The majority of the world's cities lie on a shoreline, and by 2020, two-thirds of all Americans are expected to reside in coastal cities. From San Francisco to Boston to Hong Kong, humans are living in ever-closer quarters with the marine species that set up shop here eons ago.
"We need to understand the interface between the human and natural environment and determine ways to solve problems for both," said Brian Helmuth, a Northeastern professor of public policy and environmental science.
To address those issues, Helmuth and Geoff Trussell, chair of the Department of Marine and Environmental Sciences and director of the Marine Science Center, are organizing the Sustaining Coastal Cities Conference. The conference will be hosted by the Northeastern University's College of Science this spring and is the first of its kind, focusing on key issues in urban coastal sustainability.
The event will bring together four of the country's top research scientists to address the critical role and fragile state of marine ecosystems. Ove Hoegh-Guldberg, a world-renowned expert on coral reefs from the University of Queensland in Australia, will speak on predicting and preventing reef decline. Jeremy Jackson of the Scripps Institution of Oceanography in La Jolla, Calif., will examine worldwide trends and bring with him more than four decades of expertise in science-based policy recommendations. Larry Crowder, a biology professor at Stanford University's Hopkins Marine Station, and Steve Gaines, a rocky shore ecologist and dean of the University of California Santa Barbara's Bren School of Environmental Science and Management, will also make presentations.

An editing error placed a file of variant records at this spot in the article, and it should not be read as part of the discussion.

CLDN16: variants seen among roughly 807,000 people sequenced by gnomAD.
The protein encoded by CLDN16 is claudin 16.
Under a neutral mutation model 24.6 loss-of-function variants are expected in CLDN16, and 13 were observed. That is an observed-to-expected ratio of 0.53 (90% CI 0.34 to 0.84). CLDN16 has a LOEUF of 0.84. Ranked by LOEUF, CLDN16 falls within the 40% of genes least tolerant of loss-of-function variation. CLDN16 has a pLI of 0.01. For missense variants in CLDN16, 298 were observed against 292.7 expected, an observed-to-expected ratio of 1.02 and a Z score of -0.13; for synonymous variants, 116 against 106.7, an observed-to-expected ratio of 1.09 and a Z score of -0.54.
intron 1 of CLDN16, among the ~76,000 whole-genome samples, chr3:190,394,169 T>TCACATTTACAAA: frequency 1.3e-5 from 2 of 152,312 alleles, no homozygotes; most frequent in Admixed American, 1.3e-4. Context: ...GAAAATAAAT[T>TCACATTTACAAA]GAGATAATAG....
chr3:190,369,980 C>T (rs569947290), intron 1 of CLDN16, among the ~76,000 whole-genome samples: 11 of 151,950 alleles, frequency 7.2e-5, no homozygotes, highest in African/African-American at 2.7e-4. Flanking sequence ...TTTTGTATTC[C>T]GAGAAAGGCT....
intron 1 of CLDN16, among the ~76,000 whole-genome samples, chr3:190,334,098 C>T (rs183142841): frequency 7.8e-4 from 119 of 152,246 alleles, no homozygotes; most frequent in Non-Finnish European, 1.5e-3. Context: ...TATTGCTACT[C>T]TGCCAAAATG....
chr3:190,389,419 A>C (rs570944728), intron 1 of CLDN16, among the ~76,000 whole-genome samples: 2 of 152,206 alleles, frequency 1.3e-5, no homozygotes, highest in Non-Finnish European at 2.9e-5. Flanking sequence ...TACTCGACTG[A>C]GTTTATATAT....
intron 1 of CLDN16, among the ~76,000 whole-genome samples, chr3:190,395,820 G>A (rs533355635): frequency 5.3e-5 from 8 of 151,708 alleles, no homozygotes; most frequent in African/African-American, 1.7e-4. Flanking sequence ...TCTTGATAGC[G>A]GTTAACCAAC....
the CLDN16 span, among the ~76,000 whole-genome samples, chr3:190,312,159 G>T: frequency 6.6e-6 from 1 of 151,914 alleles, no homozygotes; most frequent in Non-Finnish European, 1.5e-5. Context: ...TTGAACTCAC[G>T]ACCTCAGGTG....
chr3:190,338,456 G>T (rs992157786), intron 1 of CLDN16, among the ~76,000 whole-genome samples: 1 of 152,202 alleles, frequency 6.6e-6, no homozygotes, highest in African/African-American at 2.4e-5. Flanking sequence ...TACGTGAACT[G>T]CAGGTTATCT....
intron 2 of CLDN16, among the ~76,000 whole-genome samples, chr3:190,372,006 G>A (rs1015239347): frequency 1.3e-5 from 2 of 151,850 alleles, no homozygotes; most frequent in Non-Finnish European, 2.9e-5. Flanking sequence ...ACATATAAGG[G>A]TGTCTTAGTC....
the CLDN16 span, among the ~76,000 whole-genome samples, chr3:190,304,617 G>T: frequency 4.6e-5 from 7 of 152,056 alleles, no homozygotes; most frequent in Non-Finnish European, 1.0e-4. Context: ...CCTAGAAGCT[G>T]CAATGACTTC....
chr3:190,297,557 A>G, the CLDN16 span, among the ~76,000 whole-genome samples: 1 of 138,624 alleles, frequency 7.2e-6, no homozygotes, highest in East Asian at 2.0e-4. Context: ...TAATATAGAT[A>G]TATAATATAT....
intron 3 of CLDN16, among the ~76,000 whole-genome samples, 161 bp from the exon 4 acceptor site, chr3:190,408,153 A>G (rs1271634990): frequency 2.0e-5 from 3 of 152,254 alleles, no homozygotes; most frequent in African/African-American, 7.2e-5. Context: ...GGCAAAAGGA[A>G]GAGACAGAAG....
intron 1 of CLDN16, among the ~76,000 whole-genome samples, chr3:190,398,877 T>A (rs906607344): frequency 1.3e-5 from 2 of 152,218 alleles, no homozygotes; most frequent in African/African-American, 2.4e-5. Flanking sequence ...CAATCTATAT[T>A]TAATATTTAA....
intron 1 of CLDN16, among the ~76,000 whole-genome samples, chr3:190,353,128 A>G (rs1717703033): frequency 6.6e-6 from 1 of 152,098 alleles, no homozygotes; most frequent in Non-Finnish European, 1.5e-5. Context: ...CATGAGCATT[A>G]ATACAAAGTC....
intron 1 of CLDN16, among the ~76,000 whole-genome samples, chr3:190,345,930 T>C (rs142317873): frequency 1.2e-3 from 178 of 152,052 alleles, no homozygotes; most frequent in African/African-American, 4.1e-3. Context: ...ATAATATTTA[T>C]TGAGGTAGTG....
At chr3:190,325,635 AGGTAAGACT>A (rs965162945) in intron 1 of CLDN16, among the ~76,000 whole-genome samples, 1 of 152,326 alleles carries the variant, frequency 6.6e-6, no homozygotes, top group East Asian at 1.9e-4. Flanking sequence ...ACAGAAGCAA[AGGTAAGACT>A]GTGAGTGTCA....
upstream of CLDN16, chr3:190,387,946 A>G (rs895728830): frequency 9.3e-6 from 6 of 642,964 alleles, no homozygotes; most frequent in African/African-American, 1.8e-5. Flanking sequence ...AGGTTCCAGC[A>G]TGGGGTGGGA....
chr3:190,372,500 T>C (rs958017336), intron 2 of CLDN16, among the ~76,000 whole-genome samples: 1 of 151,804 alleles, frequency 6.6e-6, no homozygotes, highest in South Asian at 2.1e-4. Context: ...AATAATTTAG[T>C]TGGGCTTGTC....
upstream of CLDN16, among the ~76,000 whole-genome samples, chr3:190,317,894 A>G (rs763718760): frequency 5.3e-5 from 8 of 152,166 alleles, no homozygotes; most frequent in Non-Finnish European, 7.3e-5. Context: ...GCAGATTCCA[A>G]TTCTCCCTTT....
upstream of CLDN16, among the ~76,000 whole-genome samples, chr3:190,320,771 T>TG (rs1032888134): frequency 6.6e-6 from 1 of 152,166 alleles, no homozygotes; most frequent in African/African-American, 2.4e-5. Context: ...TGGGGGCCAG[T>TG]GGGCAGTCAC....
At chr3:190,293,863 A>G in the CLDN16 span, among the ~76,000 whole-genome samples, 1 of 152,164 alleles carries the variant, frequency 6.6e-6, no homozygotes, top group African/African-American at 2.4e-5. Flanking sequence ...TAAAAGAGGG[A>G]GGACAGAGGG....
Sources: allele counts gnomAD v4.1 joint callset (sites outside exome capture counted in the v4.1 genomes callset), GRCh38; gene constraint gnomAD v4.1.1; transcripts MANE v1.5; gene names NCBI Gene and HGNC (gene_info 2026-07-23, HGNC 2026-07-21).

Following the lectures, Helmuth and Trussell will join the guests for a panel discussion on the impact of climate change on urban coastal environments. Richard Harris, a science correspondent at National Public Radio, will moderate the discussion.
The conference will also serve to an
|Contact: Lori Lennon|
Northeastern University College of Science